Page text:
Histone acetylation is usually an epigenetic mark associated with active chromatin and transcriptional activity [9].

2. Methylation in the Meristem Development

A distinctive feature of plant morphogenesis is the totipotency of some cells of plant meristems, which perform the function of stem cells. These cells can transform into any cell of plant tissue or organ. Since meristems persist throughout the whole life of a plant, new organs and tissues can form indefinitely, and in this sense, plants are immortal. In other words, clones of plant genotypes can exist indefinitely through vegetative propagation, as well as by in vitro propagation in tissue culture. In plants, in addition to the shoot apical meristem, which gives rise to leaves, stem, and flower buds, there are also lateral, intercalary, and marginal meristems, whose cells, under certain conditions, are capable of organogenesis and somatic embryogenesis. In Waddington’s terms, meristematic totipotent plant cells are polyvalent and can follow many trajectories of the epigenetic landscape [10,11].
During the transition from the vegetative to the generative phase of development in the shoot apical meristem (SAM), the patterns of DNA and histone methylation change significantly (Figure 1) [12]. After epigenetic modifications occur in the stem cells of the meristems due to gradients of phytohormones and interaction with the environment, the shoot apical meristem turns into a flower meristem, in which ovary formation and meiosis take place. Unlike animals, plants do not form germ lines directly; instead, they form haploid male and female gametophytes in which gametogenesis occurs. Since male and female gametophytes are haploid, possible harmful mutations that have arisen are not compensated by the homologous allele, and gametophytes carrying such mutations are aborted [13]. However, zygotic embryoletal and sporophytic mutations can pass through the gametophyte stage since their function becomes noticeable only at the zygote/embryo and sporophyte (diploid plant) stages, respectively. These mutations can be transmitted heterozygous in segregated populations [13]. Due to the peculiar gametogenesis and embryogenesis in plants, many epigenetic marks associated with the suppression of transposons are temporarily suppressed by small non-coding RNAs of neighboring tissues [14,15].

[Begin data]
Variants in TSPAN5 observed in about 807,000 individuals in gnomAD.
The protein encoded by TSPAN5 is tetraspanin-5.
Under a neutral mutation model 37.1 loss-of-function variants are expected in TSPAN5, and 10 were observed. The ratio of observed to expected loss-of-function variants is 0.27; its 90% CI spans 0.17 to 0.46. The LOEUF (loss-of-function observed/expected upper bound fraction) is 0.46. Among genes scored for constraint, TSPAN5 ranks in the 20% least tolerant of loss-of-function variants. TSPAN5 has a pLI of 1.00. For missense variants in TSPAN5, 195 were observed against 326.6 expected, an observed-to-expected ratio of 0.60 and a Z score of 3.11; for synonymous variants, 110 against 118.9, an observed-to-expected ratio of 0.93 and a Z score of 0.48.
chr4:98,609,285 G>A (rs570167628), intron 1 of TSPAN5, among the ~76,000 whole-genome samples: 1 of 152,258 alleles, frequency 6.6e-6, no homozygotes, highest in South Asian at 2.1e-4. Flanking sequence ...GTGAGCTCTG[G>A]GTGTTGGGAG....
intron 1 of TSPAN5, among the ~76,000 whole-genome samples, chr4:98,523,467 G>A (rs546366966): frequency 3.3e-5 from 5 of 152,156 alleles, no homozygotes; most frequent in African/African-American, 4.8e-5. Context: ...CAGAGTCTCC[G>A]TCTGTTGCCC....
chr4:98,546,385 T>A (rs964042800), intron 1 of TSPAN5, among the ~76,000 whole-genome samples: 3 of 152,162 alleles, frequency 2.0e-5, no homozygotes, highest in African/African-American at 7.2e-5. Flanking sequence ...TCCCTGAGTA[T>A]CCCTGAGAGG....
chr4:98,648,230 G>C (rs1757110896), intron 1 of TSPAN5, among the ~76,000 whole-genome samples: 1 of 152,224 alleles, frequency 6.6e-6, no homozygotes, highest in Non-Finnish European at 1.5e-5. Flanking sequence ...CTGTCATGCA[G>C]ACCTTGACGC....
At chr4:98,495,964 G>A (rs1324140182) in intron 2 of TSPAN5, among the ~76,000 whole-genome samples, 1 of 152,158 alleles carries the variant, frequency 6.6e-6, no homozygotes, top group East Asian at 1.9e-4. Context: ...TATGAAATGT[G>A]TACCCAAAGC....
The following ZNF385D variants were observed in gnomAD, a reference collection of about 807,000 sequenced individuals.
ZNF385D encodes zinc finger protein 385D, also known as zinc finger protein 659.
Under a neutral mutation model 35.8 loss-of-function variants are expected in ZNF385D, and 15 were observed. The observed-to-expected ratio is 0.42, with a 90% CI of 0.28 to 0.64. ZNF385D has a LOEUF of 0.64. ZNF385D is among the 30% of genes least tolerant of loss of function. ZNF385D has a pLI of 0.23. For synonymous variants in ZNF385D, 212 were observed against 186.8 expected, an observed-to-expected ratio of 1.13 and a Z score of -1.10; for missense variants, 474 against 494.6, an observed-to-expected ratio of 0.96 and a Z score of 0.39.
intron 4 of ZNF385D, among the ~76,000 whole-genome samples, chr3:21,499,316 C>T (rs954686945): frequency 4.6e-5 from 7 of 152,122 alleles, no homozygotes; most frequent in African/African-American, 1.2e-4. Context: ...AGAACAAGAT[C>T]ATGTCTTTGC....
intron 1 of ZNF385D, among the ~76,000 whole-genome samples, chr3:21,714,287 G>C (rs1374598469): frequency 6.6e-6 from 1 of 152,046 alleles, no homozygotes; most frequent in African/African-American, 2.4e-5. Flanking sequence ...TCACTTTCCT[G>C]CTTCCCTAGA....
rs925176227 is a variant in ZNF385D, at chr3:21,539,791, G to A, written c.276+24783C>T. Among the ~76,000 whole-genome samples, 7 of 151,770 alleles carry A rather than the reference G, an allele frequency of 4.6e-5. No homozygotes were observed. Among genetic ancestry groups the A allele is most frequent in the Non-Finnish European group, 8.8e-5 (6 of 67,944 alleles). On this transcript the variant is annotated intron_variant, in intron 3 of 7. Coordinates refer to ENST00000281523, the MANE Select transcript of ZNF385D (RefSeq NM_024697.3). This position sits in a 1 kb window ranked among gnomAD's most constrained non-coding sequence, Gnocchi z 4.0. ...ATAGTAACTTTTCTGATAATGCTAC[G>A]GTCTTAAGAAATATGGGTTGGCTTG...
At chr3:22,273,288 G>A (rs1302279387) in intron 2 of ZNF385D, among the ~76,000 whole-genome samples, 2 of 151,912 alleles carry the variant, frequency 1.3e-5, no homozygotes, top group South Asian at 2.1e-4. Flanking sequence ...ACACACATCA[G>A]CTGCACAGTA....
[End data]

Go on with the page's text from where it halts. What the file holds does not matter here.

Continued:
Perhaps the first epiallele in nature was found in toadflax (Linaria vulgaris) when Karl Linnaeus studied the shape of the flower. In wild-type plants, the flower shape is zygomorphic, that is, bilaterally symmetric, while several peloric flowers develop radial symmetry, i.e., become actinomorphic (Figure 2). Genetic analysis showed that radial symmetry arises because of methylation of the Lcyc locus, while transcripts of this gene are not found in actinomorphic flowers [16]. Lcyc is homologous to the Cycloidea gene, which controls the symmetry in the snapdragon flower [17].
Another well-known example of epiallele is the CNR (Colorless non-ripening) locus in tomatoes [18]. In the mutants with this epiallele, seed maturation is suppressed, and colorless mealy fruits are formed. Genetic analysis showed that in individuals containing the mutant allele, the SBP transcription factor is poorly expressed due to the high methylation of the upstream region of the Le SPL-CNR gene.